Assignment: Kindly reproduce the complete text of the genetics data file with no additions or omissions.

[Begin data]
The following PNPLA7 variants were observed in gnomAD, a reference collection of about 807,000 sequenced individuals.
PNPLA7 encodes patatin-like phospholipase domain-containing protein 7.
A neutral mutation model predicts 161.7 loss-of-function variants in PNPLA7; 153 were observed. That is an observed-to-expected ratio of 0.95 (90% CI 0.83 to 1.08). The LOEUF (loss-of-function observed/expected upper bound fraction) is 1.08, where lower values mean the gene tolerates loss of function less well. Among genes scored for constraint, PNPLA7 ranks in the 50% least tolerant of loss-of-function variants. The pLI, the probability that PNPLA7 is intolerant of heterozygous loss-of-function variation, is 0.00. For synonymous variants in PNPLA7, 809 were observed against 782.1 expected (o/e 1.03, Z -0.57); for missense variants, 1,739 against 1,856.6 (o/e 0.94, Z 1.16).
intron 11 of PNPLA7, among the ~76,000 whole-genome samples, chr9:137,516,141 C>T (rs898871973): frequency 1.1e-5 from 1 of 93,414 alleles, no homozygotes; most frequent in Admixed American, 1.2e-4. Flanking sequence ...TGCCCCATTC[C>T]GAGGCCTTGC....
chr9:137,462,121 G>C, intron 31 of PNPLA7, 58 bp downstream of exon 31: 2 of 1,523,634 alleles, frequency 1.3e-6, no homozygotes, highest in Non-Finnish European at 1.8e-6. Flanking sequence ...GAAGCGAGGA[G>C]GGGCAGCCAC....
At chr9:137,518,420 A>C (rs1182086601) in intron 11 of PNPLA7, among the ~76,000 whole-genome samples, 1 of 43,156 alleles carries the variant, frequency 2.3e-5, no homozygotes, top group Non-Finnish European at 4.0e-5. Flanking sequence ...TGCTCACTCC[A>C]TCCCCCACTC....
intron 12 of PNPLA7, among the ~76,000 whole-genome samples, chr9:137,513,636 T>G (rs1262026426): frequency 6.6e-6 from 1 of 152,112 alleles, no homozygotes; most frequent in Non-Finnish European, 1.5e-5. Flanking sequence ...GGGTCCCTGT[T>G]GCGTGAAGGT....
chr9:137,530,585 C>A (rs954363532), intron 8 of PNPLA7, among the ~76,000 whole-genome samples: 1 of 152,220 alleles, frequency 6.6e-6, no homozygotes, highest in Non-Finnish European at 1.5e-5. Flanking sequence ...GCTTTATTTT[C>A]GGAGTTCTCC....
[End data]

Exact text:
The following PNPLA7 variants were observed in gnomAD, a reference collection of about 807,000 sequenced individuals.
PNPLA7 encodes patatin-like phospholipase domain-containing protein 7.
A neutral mutation model predicts 161.7 loss-of-function variants in PNPLA7; 153 were observed. That is an observed-to-expected ratio of 0.95 (90% CI 0.83 to 1.08). The LOEUF (loss-of-function observed/expected upper bound fraction) is 1.08, where lower values mean the gene tolerates loss of function less well. Among genes scored for constraint, PNPLA7 ranks in the 50% least tolerant of loss-of-function variants. The pLI, the probability that PNPLA7 is intolerant of heterozygous loss-of-function variation, is 0.00. For synonymous variants in PNPLA7, 809 were observed against 782.1 expected (o/e 1.03, Z -0.57); for missense variants, 1,739 against 1,856.6 (o/e 0.94, Z 1.16).
intron 11 of PNPLA7, among the ~76,000 whole-genome samples, chr9:137,516,141 C>T (rs898871973): frequency 1.1e-5 from 1 of 93,414 alleles, no homozygotes; most frequent in Admixed American, 1.2e-4. Flanking sequence ...TGCCCCATTC[C>T]GAGGCCTTGC....
chr9:137,462,121 G>C, intron 31 of PNPLA7, 58 bp downstream of exon 31: 2 of 1,523,634 alleles, frequency 1.3e-6, no homozygotes, highest in Non-Finnish European at 1.8e-6. Flanking sequence ...GAAGCGAGGA[G>C]GGGCAGCCAC....
At chr9:137,518,420 A>C (rs1182086601) in intron 11 of PNPLA7, among the ~76,000 whole-genome samples, 1 of 43,156 alleles carries the variant, frequency 2.3e-5, no homozygotes, top group Non-Finnish European at 4.0e-5. Flanking sequence ...TGCTCACTCC[A>C]TCCCCCACTC....
intron 12 of PNPLA7, among the ~76,000 whole-genome samples, chr9:137,513,636 T>G (rs1262026426): frequency 6.6e-6 from 1 of 152,112 alleles, no homozygotes; most frequent in Non-Finnish European, 1.5e-5. Flanking sequence ...GGGTCCCTGT[T>G]GCGTGAAGGT....
chr9:137,530,585 C>A (rs954363532), intron 8 of PNPLA7, among the ~76,000 whole-genome samples: 1 of 152,220 alleles, frequency 6.6e-6, no homozygotes, highest in Non-Finnish European at 1.5e-5. Flanking sequence ...GCTTTATTTT[C>A]GGAGTTCTCC....